The problem with this is that if you don't really understand the basic problem you are trying to solve – and early in a project you don't – then that framework you are building is unlikely to help. Leave the frameworks until you know where you are going, until you really have code that is duplicated and you know that if you step back and take a longer view, you can do better.
Frequent, short meetings
Reread the title of this section again. Pay special attention to that second word. S-H-O-R-T. There is a tendency early in projects to mete out death by meeting. If we are all ignorant and confused, let's get together and talk about it for six or seven hours. That will help.
The main problem early on in the project is that on any given day, each person will discover one more piece of a 10,000 piece puzzle. What you all need to do is to get together and share your pieces. But if you stay in the room for four hours or even one, you are taking up valuable piece searching time. Get together, show off your colorful new piece of the puzzle, and then get back out there and start prospecting again.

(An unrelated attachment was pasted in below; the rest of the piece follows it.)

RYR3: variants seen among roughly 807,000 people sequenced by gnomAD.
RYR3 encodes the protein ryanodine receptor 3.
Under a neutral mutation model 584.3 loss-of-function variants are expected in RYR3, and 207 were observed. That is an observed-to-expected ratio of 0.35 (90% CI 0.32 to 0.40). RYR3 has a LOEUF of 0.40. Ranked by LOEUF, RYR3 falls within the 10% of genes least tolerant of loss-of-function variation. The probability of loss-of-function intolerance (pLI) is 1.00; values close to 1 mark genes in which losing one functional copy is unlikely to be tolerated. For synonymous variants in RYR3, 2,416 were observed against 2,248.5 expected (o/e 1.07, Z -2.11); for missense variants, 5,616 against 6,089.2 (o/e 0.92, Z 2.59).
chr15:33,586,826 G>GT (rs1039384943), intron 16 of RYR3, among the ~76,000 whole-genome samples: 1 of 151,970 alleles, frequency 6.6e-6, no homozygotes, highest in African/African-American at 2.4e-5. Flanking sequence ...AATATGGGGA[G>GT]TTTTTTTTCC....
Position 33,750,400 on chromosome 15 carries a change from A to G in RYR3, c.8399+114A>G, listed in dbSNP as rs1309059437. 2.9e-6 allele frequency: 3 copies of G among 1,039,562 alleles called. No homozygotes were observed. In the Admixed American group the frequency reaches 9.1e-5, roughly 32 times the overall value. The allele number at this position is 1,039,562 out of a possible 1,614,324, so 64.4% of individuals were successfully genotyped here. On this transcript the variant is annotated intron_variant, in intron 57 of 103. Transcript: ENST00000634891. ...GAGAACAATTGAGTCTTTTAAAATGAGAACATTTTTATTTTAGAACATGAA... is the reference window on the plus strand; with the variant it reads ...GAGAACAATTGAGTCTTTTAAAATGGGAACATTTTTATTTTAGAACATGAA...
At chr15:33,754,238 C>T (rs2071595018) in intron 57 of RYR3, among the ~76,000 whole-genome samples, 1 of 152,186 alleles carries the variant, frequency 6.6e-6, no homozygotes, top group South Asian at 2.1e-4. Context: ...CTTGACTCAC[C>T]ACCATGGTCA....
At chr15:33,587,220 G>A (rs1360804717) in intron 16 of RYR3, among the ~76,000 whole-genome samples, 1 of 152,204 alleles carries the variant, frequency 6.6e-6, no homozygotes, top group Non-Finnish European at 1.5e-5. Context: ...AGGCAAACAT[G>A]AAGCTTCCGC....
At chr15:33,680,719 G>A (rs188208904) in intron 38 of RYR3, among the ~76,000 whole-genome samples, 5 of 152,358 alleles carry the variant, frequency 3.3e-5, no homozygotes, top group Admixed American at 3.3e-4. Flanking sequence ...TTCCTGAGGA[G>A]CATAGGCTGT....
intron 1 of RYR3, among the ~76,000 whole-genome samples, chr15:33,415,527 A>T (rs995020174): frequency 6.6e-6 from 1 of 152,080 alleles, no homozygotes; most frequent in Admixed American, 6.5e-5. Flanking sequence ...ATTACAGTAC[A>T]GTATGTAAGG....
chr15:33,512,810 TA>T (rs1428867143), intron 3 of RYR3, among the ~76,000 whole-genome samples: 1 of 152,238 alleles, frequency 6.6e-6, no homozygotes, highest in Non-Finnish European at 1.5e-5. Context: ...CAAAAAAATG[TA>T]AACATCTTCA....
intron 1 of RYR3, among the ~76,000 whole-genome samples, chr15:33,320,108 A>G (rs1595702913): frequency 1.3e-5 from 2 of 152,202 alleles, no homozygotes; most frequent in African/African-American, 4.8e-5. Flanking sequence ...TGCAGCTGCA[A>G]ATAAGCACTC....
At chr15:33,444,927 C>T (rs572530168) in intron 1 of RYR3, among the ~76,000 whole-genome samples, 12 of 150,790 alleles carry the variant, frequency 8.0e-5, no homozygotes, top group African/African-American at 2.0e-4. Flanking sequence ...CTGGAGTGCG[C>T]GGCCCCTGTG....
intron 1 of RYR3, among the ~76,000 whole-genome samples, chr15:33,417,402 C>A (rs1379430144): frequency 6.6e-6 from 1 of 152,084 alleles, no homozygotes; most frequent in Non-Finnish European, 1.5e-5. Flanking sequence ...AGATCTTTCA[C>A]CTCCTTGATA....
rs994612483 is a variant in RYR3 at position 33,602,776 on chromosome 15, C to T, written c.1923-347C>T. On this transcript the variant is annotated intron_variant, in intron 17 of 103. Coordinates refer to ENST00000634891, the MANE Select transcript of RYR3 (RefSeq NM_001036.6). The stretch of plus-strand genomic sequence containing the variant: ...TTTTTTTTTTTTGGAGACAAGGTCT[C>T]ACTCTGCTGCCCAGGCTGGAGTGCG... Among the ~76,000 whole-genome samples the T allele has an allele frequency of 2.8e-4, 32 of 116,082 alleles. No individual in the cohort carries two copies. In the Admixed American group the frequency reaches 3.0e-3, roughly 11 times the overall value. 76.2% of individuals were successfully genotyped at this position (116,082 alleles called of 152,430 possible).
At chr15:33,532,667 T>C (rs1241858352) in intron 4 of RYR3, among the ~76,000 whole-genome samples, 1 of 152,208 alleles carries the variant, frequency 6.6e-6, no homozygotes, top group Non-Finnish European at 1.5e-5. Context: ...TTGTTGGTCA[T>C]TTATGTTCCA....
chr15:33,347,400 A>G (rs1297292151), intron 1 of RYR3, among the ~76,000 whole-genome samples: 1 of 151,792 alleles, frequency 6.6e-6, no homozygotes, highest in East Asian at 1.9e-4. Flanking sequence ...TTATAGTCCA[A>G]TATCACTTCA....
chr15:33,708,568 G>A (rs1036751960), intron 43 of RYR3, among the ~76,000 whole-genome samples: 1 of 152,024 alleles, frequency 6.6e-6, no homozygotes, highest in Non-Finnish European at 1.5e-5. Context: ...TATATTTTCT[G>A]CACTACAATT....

Don't change everything
I think it was Fred Brooks in The Mythical Man Month – a book written a very long time ago and still worth reading – who introduced the idea of the second system syndrome. This happens when engineers start over with a new system and are just dying to fix everything that was wrong with the old one. All this old junk, these old techniques, that old library, and certainly that ugly GUI, they all have to go. And it's not just the coders either: SSS can infect the configuration management folks – God I want a new bug tracking system – as well as technical writers – Let's do all of our work on Chromebooks for the new project!
These may all be great ideas – or not – but do them all at once and you will spend the first 80% of your schedule making the bug tracking system generate bug reports in the right format for the release notes because bug reports you will have aplenty. Most successful follow on projects focus on a few key goals and drive relentlessly towards them. By keeping things some things the same you build on one of the key things you gotten out of that first project: experience. Build on that experience. Make sure you have some familiar tools and technologies in the mix. Don't always say no to new ideas, but don't always say yes either.